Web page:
SEC Prevails Over XY Planning Network In Challenge To Regulation Best Interest As New Rule Takes Effect (Melanie Waddell, ThinkAdvisor) - As the June 30th effective date for Regulation Best Interest loomed large, the 2nd Circuit Court of Appeals issued its ruling in the case of XY Planning Network vs SEC, affirming that XYPN had standing to challenge the rule because RIAs will be competitively harmed relative to broker-dealers as a result of Regulation Best Interest, but concluding nonetheless that the SEC had received sufficient authority under Dodd-Frank to permit broker-dealers to begin providing non-fiduciary personalized investment advice to consumers. The ruling came just days before the June 30th effective date for Regulation Best Interest (or "Reg BI" for short) was scheduled to take effect, and with the court's ruling, is now fully implemented and in force, including both the new "Best Interest" standard for broker-dealers providing advice recommendations, and the new Form CRS disclosure obligation for both broker-dealers and RIAs. Notably, though, XYPN has indicated that it is still "weighing its options", and may further appeal the case to be heard en banc by the entire Appeals Court panel, and could even file a petition for certiorari to have the case heard by the Supreme Court (though there's no way to tell whether the Supreme Court would take up the matter). In the meantime, though, XYPN has vowed to continue the fiduciary debate at the state level, as a growing number over the past year, from Nevada to Massachusetts, New Jersey to New York, have proposed their own state-level fiduciary rules for broker-dealer advice in reaction to what the states deemed an 'insufficient' consumer protection from Reg BI. In fact, with Reg BI now finalized (and the States having lost their own challenge against the rule as well), there may even be an uptick in state-level fiduciary rulemaking as state regulators evaluate their own options. Which means even as the Courts have declared that Reg BI should stand, the debate over standards of care for advice will likely still continue for the foreseeable future.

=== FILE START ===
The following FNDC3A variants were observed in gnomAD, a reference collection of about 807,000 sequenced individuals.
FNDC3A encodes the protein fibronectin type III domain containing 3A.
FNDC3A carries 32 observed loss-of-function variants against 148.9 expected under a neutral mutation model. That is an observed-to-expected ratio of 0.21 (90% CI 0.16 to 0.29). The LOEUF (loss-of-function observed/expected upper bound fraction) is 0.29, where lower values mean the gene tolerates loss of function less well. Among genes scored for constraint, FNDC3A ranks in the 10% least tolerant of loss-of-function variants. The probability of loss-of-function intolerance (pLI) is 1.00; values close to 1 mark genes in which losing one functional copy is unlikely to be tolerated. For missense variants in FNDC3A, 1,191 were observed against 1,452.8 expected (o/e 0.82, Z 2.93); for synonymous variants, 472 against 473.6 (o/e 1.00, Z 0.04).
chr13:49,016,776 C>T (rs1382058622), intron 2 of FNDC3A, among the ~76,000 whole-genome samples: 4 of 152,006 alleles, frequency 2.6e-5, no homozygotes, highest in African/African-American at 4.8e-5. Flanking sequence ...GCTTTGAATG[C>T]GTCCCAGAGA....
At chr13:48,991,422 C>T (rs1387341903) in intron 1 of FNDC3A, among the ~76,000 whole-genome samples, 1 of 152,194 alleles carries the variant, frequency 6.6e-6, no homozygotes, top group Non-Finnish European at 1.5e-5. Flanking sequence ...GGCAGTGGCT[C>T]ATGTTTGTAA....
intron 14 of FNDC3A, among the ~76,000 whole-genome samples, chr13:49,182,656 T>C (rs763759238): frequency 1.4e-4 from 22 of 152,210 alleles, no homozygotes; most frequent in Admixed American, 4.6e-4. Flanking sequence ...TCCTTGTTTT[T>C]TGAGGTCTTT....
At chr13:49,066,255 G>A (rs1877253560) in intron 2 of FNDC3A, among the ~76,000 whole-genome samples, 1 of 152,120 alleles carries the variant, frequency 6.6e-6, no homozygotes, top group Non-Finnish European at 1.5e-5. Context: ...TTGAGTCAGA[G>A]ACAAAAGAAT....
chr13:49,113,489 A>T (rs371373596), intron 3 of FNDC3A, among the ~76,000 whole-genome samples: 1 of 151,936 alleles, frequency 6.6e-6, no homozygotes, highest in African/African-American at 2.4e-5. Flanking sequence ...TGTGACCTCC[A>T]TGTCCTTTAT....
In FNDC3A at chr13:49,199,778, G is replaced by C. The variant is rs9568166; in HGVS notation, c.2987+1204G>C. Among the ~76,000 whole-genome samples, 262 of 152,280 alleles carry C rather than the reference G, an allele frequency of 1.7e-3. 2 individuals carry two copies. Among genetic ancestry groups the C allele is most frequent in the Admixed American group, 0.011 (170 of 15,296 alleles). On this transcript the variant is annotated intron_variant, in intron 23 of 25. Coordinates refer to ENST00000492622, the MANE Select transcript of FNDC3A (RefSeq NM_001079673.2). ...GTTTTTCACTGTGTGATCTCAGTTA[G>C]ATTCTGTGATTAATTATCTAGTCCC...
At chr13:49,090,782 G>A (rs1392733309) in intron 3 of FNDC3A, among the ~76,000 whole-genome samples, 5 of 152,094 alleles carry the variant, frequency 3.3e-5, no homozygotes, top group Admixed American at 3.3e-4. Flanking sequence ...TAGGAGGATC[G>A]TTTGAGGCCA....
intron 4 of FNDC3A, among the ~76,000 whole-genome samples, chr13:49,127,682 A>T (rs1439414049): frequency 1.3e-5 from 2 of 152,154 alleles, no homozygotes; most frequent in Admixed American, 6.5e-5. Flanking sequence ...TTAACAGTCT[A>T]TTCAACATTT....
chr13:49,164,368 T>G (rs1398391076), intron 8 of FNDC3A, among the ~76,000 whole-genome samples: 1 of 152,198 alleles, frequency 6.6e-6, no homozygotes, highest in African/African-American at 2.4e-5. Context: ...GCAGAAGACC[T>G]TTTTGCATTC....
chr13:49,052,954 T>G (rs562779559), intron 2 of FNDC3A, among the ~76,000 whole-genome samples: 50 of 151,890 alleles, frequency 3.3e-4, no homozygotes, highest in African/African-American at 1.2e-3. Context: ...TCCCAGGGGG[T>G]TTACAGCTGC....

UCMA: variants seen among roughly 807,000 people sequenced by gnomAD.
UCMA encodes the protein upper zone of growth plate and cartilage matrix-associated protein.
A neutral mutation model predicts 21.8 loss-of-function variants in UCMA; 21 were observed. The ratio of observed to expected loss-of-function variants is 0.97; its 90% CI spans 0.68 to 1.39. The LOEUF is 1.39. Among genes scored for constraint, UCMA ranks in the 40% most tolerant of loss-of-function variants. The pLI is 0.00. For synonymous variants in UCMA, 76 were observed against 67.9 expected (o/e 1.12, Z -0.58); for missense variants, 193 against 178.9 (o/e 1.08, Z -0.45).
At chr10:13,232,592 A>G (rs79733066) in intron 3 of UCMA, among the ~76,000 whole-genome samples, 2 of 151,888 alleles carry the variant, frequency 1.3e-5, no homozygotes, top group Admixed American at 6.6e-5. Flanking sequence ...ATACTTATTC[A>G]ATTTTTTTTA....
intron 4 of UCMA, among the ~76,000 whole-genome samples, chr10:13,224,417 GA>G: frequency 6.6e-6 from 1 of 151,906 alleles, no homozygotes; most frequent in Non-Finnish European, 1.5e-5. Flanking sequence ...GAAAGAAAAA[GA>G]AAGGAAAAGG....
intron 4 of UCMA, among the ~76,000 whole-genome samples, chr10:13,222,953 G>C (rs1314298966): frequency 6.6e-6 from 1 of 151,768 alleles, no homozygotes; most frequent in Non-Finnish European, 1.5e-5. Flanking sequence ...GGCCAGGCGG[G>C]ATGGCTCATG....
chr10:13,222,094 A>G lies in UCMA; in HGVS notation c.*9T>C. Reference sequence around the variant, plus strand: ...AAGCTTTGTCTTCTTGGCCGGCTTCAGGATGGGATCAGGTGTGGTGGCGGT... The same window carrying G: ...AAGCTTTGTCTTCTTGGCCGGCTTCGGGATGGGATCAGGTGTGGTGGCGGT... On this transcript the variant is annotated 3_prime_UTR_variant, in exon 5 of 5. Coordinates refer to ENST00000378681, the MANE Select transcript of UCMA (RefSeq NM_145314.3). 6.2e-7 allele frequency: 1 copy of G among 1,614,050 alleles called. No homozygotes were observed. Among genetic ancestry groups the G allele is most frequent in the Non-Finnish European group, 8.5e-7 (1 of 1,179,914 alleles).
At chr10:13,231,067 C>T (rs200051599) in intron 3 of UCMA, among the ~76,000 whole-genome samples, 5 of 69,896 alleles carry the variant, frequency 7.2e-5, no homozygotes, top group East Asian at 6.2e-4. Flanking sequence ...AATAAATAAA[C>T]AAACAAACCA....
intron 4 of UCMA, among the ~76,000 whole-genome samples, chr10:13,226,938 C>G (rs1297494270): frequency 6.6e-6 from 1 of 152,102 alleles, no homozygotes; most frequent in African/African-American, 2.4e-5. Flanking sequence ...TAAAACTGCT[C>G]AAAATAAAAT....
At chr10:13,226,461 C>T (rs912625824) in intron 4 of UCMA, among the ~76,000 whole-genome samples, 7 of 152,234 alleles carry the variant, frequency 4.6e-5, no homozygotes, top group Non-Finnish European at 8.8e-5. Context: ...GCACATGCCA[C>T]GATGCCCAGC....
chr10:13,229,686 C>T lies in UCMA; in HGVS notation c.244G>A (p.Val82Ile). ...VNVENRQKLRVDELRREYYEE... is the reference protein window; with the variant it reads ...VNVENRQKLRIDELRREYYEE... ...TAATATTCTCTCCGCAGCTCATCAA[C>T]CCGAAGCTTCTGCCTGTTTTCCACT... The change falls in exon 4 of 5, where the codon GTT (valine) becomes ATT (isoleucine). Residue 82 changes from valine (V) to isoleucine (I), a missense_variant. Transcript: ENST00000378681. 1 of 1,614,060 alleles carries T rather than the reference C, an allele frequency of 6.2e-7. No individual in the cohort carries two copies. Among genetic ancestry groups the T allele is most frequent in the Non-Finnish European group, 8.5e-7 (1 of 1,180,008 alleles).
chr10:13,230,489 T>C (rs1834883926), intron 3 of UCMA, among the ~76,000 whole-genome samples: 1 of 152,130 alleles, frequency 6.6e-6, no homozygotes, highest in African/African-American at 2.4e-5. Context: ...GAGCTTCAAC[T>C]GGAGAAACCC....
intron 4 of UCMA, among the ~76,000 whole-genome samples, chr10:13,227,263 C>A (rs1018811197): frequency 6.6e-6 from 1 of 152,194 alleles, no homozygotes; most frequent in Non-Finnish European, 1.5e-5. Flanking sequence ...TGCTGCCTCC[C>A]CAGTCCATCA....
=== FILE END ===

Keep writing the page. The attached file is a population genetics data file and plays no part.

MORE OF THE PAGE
Department Of Labor Proposes New Non-Fiduciary "Best Interests" Advice Rule To Complement Reg BI (Mark Schoeff Jr., Investment News) - In 2016, the Department of Labor issued a new fiduciary rule that would apply to both RIAs and broker-dealers providing advice in retirement accounts, which was ultimately challenged by broker-dealers and product manufacturers on the basis that their brokers and agents were merely product salespeople who weren't actually in the business of advice and struck down in 2018. Just over a year later, one of the lead attorneys against the DoL's fiduciary rule - Eugene Scalia - was appointed by President Trump to become Secretary of Labor. And now, perhaps not surprisingly, the Department of Labor has issued a new advice rule under Secretary Scalia, abandoning the expanded fiduciary framework of the prior rule, and instead issuing a newly proposed "Best Interests"-style rule intended to conform to the SEC's recently-finalized Regulation Best Interest. Notably, the new advice rule would not undermine the existing fiduciary duty that applies under ERISA, but would allow plan fiduciaries to receive a wider range of compensation for advice that was previously prohibited, including third-party payments (i.e., commissions, 12b-1 fees, sales loads, mark-ups and mark-downs, and other revenue-sharing payments), as long as the broker providing the advice could otherwise demonstrate that they acted in the retirement savers "best interests" by following "impartial conduct standards", including earning reasonable compensation, not making misleading statements, and telling customers they are acting as fiduciaries. In addition, the new DoL rule would also deem brokers as being in compliance with the fiduciary requirement as long as the broker follows the (non-fiduciary) Regulation Best Interest requirements. And the new DoL rule also reintroduces the "five-part" test that previously existed under ERISA, which notably allows sales agents to avoid a fiduciary obligation as long as they make only one-time (and not ongoing) sales recommendations (e.g., regarding the sale of an annuity for a retirement rollover). At this point, though, the DoL's proposed rule is simply that - a proposed rule - which will enter into a Public Comment period, after which the DoL could modify the rule before finalizing it, especially given that consumer advocacy groups like the Consumer Federation of America are already raising concerns about the potential impact of the reduced advice standard.